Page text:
Take your now fully extended cartridge and carefully unscrew the top cap, holding upright slide it back through the seatpost (seatpost in fully dropped position) and gentle screw back into the bottom of the post. The cartridge now sticks out the top.
    top up the fluid and screw the top cap back on, 99% of the air will push out past the threads so just tighten slowly.
    You can now clamp the reservoir back in the vice to fully tighten the top cap.
    Finally slide the seatpost up and tighten the top. Refit the valve core and pressurise, i went to 200psi. replace the "borrowed" o-ring and valve cap.
    All things being well you should now have a lovely, clean, fully functioning seatpost.

    One side note, if you had damaged seals or there was alot of leaked fluid you'll obviously need to find replacement seals, I'm sorry I don't have any specs for these to hand.

    I have some more pictures I can post that show some parts in greater details. I think I remembered all the important bits, if you want me to fill in the gaps or help please ask.

    Rich.
    Attached Thumbnails Attached Thumbnails Thomson Elite Dropper Service Guide-2f4ef0e1-bf1b-43b6-a0aa-58a3f8d46d9a.jpg  

    Thomson Elite Dropper Service Guide-115d9ca3-5efe-4f32-b07c-1c4e30b29579.jpg  

    Thomson Elite Dropper Service Guide-bb78bef8-248a-4d6c-8d92-dddd2086d350.jpg  

    Thomson Elite Dropper Service Guide-c2dd1f88-b3b9-467a-8719-a857b0f18adc.jpg  

    Thomson Elite Dropper Service Guide-94ef9b51-3129-4b1b-8178-4226bb353f74.jpg  


  2. #2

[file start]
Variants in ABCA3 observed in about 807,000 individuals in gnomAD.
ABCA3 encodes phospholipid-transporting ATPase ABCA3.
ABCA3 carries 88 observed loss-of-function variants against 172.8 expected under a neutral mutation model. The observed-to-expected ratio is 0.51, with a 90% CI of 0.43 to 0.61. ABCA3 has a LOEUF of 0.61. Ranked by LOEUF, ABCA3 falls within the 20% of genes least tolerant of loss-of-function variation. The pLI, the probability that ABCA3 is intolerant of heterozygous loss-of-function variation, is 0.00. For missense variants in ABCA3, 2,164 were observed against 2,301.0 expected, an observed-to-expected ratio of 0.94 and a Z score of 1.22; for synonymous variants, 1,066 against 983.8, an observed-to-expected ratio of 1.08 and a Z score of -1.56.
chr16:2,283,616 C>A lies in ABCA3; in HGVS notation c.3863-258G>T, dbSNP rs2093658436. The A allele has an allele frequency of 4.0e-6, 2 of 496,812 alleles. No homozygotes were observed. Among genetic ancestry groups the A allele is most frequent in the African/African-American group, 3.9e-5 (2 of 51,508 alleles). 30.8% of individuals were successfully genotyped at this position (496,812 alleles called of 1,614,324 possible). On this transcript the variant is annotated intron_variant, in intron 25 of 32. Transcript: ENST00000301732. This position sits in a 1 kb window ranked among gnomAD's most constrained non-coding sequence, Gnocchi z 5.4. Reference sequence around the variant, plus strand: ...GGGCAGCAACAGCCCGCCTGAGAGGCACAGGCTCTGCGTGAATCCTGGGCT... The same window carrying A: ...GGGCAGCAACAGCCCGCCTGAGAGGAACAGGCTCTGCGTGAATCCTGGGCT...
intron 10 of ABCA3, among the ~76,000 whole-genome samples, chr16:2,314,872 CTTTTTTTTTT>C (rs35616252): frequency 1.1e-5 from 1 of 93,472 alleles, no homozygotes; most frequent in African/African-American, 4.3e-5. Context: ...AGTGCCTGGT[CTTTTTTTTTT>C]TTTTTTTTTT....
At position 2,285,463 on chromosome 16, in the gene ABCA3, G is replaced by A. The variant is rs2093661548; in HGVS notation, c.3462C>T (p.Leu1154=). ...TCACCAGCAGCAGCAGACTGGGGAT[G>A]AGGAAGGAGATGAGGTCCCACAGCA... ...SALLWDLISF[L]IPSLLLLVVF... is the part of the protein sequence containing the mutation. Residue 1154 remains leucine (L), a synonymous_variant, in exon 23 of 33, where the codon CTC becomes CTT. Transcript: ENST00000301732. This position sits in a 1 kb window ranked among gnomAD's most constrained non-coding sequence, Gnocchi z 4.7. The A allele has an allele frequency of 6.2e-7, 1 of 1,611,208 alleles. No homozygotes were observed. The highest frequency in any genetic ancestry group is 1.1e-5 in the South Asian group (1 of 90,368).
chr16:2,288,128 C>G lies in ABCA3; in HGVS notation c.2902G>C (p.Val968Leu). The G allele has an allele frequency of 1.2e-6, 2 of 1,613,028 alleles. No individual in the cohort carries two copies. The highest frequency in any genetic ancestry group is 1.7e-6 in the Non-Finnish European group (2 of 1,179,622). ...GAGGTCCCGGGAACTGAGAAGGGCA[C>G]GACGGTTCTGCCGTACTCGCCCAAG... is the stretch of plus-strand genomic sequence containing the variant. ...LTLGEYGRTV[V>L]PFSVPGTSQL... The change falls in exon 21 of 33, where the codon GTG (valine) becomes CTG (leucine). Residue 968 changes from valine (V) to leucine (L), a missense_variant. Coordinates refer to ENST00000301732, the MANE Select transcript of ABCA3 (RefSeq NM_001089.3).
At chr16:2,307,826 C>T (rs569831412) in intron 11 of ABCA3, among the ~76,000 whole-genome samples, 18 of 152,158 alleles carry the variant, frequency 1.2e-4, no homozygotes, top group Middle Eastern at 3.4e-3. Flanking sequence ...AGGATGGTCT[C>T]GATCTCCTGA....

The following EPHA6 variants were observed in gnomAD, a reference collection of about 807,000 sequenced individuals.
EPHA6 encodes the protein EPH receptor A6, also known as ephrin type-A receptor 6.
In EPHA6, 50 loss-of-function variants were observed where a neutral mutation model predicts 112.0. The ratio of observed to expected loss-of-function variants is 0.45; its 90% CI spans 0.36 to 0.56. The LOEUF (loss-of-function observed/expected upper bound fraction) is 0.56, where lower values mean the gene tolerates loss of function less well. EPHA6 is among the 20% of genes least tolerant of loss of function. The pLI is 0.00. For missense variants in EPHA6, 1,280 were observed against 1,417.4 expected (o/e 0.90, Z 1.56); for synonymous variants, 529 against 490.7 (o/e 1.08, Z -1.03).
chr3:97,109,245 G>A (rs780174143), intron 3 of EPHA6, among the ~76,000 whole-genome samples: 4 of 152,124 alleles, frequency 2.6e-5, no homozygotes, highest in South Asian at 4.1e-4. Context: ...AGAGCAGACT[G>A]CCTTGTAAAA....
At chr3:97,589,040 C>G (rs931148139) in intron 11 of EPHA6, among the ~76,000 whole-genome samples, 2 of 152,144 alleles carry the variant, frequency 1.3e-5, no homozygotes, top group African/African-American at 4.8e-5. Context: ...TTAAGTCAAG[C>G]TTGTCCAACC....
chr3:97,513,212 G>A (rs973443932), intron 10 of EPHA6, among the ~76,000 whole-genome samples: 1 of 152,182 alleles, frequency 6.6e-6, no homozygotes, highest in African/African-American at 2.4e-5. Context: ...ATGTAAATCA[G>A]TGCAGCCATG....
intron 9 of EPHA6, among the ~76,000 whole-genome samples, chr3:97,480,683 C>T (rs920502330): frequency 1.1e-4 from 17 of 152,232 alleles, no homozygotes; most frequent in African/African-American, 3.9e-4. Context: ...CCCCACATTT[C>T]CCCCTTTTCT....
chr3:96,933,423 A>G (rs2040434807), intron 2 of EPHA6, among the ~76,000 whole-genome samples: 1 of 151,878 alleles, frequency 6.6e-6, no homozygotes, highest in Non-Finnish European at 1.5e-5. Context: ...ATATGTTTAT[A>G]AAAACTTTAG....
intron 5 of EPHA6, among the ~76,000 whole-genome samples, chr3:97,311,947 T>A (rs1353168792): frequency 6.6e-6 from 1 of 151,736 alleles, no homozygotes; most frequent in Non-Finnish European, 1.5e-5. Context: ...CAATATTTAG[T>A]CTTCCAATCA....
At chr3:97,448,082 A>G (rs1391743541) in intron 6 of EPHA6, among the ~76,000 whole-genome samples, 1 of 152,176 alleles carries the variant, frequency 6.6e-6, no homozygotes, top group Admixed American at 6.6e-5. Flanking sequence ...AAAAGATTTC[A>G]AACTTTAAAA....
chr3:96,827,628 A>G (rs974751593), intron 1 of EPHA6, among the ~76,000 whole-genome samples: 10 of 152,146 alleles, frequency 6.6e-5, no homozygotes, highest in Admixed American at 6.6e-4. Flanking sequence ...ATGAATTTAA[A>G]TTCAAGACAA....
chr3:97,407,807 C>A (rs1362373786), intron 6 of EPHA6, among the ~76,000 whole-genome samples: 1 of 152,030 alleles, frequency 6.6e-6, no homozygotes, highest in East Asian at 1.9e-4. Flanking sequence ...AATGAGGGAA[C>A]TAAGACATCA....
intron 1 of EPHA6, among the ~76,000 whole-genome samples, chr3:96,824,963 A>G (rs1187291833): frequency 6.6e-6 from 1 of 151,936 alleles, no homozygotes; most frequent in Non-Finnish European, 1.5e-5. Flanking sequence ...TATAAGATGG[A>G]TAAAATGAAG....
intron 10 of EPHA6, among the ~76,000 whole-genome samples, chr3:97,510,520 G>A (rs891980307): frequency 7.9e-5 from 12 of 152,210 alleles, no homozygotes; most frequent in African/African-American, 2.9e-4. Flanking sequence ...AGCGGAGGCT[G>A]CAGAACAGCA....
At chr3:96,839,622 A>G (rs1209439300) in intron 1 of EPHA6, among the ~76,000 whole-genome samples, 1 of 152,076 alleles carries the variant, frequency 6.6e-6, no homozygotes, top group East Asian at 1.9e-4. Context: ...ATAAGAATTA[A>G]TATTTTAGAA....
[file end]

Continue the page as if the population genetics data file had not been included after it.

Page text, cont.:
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    I just want to say THANK YOU for this post (pun sort of intended). I bought a used Thomson post and given the super low price, I knew something had to be up with it, despite being assured that it was in "perfect working condition". Sure enough, it arrived and it had so much squishiness to it just holding in my hands that I never even attempted to install it. I immediately followed your guide to servicing it. I ran into a few snags, but eventually everything worked out and now it functions flawlessly. There are a couple of points I want to address in the procedure that ended up being a bit tricky for me and feel like having a heads up before hand could save someone some headache. One is that the 15mm socket that you need should be a relatively thin walled 6 sided socket (the kind with flats for each side. I initially tried to use the star sockets that are in my set and they simply don't work even if they are the right size). Next, there is a little black cap on the side of the post near the seat clamp that is secured in place with a tiny set screw. This needs to be removed in order to unthread the top cap. I didn't remove it initially and could not figure out why I couldn't get the top cap off and then realized that the threads were contacting the cap on the inside of the post. Lastly, it took me forever to figure out how to air up the post. First, I did not have the Rockshox air adapter so when I got to that point, I had to pause, order it on Amazon and wait for it to come before finishing. There really is no way to do it without that little $10 piece. Next, even with the adapter, I could not get it to retain air after unscrewing my shock pump. I ended up having to drill out the inside of the adapter to allow the schrader pin to close and not contact the adapter. And by drill out, I mean literally hold a drill bit in a set of pliers and rotate the adapter by hand. It is soft aluminum and I didn't need to take off much so didn't want to risk using a drill. Other than that, everything else was pretty straight forward. This definitely takes some patience but also saves the hassle and the close to $200 for sending it off to Thomson for a service